If you’re living with eczema or you have a child who does, then you know that itching and scratching at night can be a major problem. Dry, itchy rash from an eczema flare-up can drive you to scratch in your sleep, leading to skin damage or even a skin infection between the time you fall asleep at night and wake up in the morning.
There are a number of ways you can handle the itching and scratching that often come with eczema, including atopic dermatitis, the most common type of eczema. Here’s what you need to know about one solution: eczema scratch mittens or gloves.
Eczema can interfere with sleep in some major ways. People who live with eczema may have trouble falling asleep or staying asleep because of discomfort from their itching. Their sleep may also be more turbulent and less restorative.
This can become even worse if they get into the itch-scratch cycle. In this cycle, something causes itching. Scratching the itch causes even more inflammation, which makes the itching worse. The cycle goes on and on until the skin is damaged.
Members of MyEczemaTeam have experienced this. One said, “Night itching is the worst thing I have ever experienced. It comes with no sleep and a great amount of distress and anxiety.”
Another explained, “I will wake up at 3 or 4 a.m. The itch is so bad, there is no sleep after that.”
Parents also find that eczema prevents their children from getting quality sleep. One shared, “It’s been a long night. My son screams and scratches all night long.”
Another added, “My daughter is scratching nonstop — and I mean nonstop — every night, and she, my wife, and I don’t sleep because of it.”
Getting more sleep should be a major focus of people living with eczema or for parents whose children live with it. Sleeping better will raise your sense of well-being and your quality of life.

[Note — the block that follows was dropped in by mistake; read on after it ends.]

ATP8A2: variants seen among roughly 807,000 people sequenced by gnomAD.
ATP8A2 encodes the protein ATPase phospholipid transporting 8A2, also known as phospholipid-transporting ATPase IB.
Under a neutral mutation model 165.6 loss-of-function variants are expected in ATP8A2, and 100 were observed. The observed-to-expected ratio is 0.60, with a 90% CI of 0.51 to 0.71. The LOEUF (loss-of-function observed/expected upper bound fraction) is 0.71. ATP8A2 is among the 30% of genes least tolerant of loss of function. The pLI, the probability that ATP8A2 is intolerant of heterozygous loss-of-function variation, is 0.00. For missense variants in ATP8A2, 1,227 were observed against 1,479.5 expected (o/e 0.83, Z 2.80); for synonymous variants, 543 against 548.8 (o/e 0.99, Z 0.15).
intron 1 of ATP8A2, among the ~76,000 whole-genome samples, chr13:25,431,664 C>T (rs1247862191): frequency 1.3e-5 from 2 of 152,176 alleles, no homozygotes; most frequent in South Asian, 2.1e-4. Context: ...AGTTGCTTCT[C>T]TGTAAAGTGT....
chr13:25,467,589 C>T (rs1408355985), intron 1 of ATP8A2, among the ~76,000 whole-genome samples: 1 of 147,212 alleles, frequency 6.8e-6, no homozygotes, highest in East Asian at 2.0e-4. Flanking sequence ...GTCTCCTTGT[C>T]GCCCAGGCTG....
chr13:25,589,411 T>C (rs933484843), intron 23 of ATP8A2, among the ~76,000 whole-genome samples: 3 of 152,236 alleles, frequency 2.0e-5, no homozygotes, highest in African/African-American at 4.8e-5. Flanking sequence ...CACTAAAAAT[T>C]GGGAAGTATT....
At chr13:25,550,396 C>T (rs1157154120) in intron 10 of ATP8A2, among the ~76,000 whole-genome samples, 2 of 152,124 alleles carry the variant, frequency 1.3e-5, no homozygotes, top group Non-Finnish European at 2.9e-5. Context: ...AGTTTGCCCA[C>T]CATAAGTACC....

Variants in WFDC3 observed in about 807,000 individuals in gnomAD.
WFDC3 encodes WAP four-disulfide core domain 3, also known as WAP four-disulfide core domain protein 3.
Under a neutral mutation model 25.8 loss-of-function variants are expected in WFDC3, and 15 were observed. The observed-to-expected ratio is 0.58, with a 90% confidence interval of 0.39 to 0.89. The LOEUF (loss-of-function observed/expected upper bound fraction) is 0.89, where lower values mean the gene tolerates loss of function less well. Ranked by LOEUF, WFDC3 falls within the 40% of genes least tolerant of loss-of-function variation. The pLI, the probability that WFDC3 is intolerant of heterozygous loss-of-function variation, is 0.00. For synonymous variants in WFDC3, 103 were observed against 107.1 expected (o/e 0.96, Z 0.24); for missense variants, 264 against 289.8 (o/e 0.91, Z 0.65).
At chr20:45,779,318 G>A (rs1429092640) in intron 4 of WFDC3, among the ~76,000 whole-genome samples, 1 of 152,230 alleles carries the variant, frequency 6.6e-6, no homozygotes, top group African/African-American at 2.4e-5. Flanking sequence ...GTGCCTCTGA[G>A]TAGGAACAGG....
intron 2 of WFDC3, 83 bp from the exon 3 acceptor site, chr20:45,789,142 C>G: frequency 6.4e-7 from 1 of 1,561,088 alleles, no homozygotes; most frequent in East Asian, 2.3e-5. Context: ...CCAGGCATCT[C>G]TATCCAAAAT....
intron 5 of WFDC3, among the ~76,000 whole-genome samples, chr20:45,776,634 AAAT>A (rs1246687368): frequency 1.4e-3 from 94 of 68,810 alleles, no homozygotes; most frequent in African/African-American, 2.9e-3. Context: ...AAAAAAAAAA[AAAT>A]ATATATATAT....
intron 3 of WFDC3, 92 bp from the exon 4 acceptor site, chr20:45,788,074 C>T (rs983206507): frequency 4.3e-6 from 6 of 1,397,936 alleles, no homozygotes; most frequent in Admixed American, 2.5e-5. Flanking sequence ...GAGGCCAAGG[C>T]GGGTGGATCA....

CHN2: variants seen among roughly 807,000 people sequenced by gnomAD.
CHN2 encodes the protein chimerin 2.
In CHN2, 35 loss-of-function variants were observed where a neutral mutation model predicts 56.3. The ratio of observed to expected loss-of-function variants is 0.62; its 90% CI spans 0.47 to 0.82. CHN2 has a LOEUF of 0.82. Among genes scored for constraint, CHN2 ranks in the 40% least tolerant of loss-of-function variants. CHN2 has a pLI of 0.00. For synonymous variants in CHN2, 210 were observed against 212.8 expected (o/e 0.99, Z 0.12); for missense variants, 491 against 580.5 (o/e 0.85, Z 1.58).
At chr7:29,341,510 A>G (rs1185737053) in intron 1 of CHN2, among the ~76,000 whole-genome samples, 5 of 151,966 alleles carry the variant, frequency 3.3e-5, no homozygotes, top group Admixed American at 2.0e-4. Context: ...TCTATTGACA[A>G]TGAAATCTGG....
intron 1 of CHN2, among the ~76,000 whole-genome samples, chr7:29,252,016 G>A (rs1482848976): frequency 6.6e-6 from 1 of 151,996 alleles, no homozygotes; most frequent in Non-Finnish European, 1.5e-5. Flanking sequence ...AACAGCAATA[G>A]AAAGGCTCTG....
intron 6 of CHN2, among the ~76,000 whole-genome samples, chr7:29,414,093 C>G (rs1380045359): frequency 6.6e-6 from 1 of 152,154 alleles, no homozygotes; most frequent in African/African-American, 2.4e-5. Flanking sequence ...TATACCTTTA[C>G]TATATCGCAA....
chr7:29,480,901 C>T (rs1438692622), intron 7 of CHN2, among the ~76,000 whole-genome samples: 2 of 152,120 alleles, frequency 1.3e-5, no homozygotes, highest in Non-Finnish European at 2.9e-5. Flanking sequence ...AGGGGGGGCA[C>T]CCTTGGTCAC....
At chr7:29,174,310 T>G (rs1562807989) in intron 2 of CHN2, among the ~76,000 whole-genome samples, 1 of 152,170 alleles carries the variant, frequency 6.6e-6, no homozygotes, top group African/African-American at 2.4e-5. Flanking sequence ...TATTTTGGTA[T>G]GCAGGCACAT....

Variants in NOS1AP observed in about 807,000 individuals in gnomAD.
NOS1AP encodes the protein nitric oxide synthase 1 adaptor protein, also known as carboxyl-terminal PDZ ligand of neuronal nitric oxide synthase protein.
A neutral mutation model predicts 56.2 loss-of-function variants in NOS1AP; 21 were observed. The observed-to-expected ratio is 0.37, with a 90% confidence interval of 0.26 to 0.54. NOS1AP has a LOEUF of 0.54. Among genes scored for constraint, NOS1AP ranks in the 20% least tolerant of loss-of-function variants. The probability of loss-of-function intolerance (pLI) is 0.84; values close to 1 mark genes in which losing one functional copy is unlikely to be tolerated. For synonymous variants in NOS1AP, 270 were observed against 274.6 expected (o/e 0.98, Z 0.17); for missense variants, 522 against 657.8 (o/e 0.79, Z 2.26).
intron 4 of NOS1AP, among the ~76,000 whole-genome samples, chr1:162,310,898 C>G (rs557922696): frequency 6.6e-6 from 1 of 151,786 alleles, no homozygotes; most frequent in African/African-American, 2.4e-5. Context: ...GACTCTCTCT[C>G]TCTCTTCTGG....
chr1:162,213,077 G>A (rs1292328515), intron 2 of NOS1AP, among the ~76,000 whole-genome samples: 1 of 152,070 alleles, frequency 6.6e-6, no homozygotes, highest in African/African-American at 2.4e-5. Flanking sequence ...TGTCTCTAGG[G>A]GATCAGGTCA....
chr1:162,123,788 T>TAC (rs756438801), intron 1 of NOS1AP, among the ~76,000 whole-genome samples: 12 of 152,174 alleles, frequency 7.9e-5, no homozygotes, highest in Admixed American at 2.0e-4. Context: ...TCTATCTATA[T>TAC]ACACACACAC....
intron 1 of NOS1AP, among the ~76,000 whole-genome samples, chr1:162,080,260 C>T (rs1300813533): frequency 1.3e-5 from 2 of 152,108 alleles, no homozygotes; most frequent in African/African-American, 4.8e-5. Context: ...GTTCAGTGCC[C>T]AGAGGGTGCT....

Scratch mittens, also called scratch mitts or scratch gloves, are hand coverings that you or your child can wear at night. Keeping them on as you sleep can prevent damage to skin with eczema from unconscious scratching.
Researchers have not studied the effectiveness of these mittens. However, some MyEczemaTeam members believe that they help. One said, “I’m so tired of the itching and bleeding because I can’t quit picking at it. I put honey on it and then gloves.”
Another said, “I got the larger blister clusters on my right hand under control this time with a combo of calendula cream and InfiniteAloe cream and cotton gloves at night.”
One member put it succinctly: “Gloves help with scratching.”
Health experts agree. According to the National Eczema Association, “Cotton gloves or cutting fingernails short can help protect the skin from nighttime scratching.”
There are other clothing options, such as onesies, for babies and very young children who may be unable to keep gloves on at night.
It’s impossible to know whether scratch mittens will help you or your child until you try them. You or your child:
However, trying them may be worthwhile if you’re experiencing out-of-control nighttime itching and scratching.
If you or your child can’t sleep well due to eczema, scratch mittens could be the solution you need.